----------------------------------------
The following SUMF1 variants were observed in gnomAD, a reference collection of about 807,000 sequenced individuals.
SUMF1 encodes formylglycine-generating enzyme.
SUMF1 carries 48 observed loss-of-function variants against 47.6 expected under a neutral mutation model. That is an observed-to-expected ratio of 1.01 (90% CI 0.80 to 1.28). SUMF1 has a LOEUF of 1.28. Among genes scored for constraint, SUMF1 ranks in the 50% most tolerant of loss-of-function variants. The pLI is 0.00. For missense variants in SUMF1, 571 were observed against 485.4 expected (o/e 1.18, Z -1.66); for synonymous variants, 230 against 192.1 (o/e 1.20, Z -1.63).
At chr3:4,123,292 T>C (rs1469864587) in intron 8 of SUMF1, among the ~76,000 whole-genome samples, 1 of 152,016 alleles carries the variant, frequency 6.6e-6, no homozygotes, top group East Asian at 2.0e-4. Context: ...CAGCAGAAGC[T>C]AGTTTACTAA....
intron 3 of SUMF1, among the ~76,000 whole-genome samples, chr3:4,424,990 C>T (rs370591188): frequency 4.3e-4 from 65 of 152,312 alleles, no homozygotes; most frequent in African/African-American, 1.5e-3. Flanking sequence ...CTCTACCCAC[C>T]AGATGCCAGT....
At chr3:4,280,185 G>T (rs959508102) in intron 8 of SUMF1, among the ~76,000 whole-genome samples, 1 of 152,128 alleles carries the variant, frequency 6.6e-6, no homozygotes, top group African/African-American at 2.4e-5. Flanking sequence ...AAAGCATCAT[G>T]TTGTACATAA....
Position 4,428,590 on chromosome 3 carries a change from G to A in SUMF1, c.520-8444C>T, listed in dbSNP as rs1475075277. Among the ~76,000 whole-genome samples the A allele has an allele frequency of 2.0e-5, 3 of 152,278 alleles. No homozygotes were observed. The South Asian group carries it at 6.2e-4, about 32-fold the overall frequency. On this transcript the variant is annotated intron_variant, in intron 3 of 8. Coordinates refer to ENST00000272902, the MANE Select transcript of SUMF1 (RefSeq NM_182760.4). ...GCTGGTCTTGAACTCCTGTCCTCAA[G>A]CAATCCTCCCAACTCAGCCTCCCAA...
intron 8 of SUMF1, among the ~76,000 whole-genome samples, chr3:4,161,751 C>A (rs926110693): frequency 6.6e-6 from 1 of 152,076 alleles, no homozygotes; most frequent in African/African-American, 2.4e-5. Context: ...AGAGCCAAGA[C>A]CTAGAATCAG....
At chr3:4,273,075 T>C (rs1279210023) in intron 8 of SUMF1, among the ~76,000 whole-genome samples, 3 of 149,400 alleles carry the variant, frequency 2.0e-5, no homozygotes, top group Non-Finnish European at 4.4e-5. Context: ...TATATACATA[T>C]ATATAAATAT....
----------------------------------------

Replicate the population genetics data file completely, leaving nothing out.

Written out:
The following SUMF1 variants were observed in gnomAD, a reference collection of about 807,000 sequenced individuals.
SUMF1 encodes formylglycine-generating enzyme.
SUMF1 carries 48 observed loss-of-function variants against 47.6 expected under a neutral mutation model. That is an observed-to-expected ratio of 1.01 (90% CI 0.80 to 1.28). SUMF1 has a LOEUF of 1.28. Among genes scored for constraint, SUMF1 ranks in the 50% most tolerant of loss-of-function variants. The pLI is 0.00. For missense variants in SUMF1, 571 were observed against 485.4 expected (o/e 1.18, Z -1.66); for synonymous variants, 230 against 192.1 (o/e 1.20, Z -1.63).
At chr3:4,123,292 T>C (rs1469864587) in intron 8 of SUMF1, among the ~76,000 whole-genome samples, 1 of 152,016 alleles carries the variant, frequency 6.6e-6, no homozygotes, top group East Asian at 2.0e-4. Context: ...CAGCAGAAGC[T>C]AGTTTACTAA....
intron 3 of SUMF1, among the ~76,000 whole-genome samples, chr3:4,424,990 C>T (rs370591188): frequency 4.3e-4 from 65 of 152,312 alleles, no homozygotes; most frequent in African/African-American, 1.5e-3. Flanking sequence ...CTCTACCCAC[C>T]AGATGCCAGT....
At chr3:4,280,185 G>T (rs959508102) in intron 8 of SUMF1, among the ~76,000 whole-genome samples, 1 of 152,128 alleles carries the variant, frequency 6.6e-6, no homozygotes, top group African/African-American at 2.4e-5. Flanking sequence ...AAAGCATCAT[G>T]TTGTACATAA....
Position 4,428,590 on chromosome 3 carries a change from G to A in SUMF1, c.520-8444C>T, listed in dbSNP as rs1475075277. Among the ~76,000 whole-genome samples the A allele has an allele frequency of 2.0e-5, 3 of 152,278 alleles. No homozygotes were observed. The South Asian group carries it at 6.2e-4, about 32-fold the overall frequency. On this transcript the variant is annotated intron_variant, in intron 3 of 8. Coordinates refer to ENST00000272902, the MANE Select transcript of SUMF1 (RefSeq NM_182760.4). ...GCTGGTCTTGAACTCCTGTCCTCAA[G>A]CAATCCTCCCAACTCAGCCTCCCAA...
intron 8 of SUMF1, among the ~76,000 whole-genome samples, chr3:4,161,751 C>A (rs926110693): frequency 6.6e-6 from 1 of 152,076 alleles, no homozygotes; most frequent in African/African-American, 2.4e-5. Context: ...AGAGCCAAGA[C>A]CTAGAATCAG....
At chr3:4,273,075 T>C (rs1279210023) in intron 8 of SUMF1, among the ~76,000 whole-genome samples, 3 of 149,400 alleles carry the variant, frequency 2.0e-5, no homozygotes, top group Non-Finnish European at 4.4e-5. Context: ...TATATACATA[T>C]ATATAAATAT....